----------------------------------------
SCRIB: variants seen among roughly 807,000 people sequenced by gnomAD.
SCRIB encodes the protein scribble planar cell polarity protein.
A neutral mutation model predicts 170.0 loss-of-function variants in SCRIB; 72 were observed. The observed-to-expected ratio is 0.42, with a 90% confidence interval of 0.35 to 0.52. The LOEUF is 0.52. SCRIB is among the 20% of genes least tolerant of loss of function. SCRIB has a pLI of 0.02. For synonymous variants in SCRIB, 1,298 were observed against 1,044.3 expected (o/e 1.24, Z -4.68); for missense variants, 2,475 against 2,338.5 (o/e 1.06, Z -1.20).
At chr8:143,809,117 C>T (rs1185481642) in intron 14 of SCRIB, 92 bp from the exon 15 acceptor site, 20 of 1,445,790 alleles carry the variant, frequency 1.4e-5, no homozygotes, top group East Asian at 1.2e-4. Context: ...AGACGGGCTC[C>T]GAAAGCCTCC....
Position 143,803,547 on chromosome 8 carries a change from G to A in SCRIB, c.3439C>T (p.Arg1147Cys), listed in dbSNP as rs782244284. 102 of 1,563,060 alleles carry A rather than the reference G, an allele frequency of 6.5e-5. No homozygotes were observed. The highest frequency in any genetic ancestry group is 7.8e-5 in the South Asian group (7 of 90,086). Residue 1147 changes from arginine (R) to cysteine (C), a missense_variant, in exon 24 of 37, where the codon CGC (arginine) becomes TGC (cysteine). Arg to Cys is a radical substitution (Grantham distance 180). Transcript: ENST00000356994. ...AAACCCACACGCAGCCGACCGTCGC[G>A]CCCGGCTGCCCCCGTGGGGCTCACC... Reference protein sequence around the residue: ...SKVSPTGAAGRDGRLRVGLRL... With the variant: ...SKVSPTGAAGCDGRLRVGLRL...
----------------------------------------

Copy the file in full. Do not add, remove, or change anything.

SCRIB: variants seen among roughly 807,000 people sequenced by gnomAD.
SCRIB encodes the protein scribble planar cell polarity protein.
A neutral mutation model predicts 170.0 loss-of-function variants in SCRIB; 72 were observed. The observed-to-expected ratio is 0.42, with a 90% confidence interval of 0.35 to 0.52. The LOEUF is 0.52. SCRIB is among the 20% of genes least tolerant of loss of function. SCRIB has a pLI of 0.02. For synonymous variants in SCRIB, 1,298 were observed against 1,044.3 expected (o/e 1.24, Z -4.68); for missense variants, 2,475 against 2,338.5 (o/e 1.06, Z -1.20).
At chr8:143,809,117 C>T (rs1185481642) in intron 14 of SCRIB, 92 bp from the exon 15 acceptor site, 20 of 1,445,790 alleles carry the variant, frequency 1.4e-5, no homozygotes, top group East Asian at 1.2e-4. Context: ...AGACGGGCTC[C>T]GAAAGCCTCC....
Position 143,803,547 on chromosome 8 carries a change from G to A in SCRIB, c.3439C>T (p.Arg1147Cys), listed in dbSNP as rs782244284. 102 of 1,563,060 alleles carry A rather than the reference G, an allele frequency of 6.5e-5. No homozygotes were observed. The highest frequency in any genetic ancestry group is 7.8e-5 in the South Asian group (7 of 90,086). Residue 1147 changes from arginine (R) to cysteine (C), a missense_variant, in exon 24 of 37, where the codon CGC (arginine) becomes TGC (cysteine). Arg to Cys is a radical substitution (Grantham distance 180). Transcript: ENST00000356994. ...AAACCCACACGCAGCCGACCGTCGC[G>A]CCCGGCTGCCCCCGTGGGGCTCACC... Reference protein sequence around the residue: ...SKVSPTGAAGRDGRLRVGLRL... With the variant: ...SKVSPTGAAGCDGRLRVGLRL...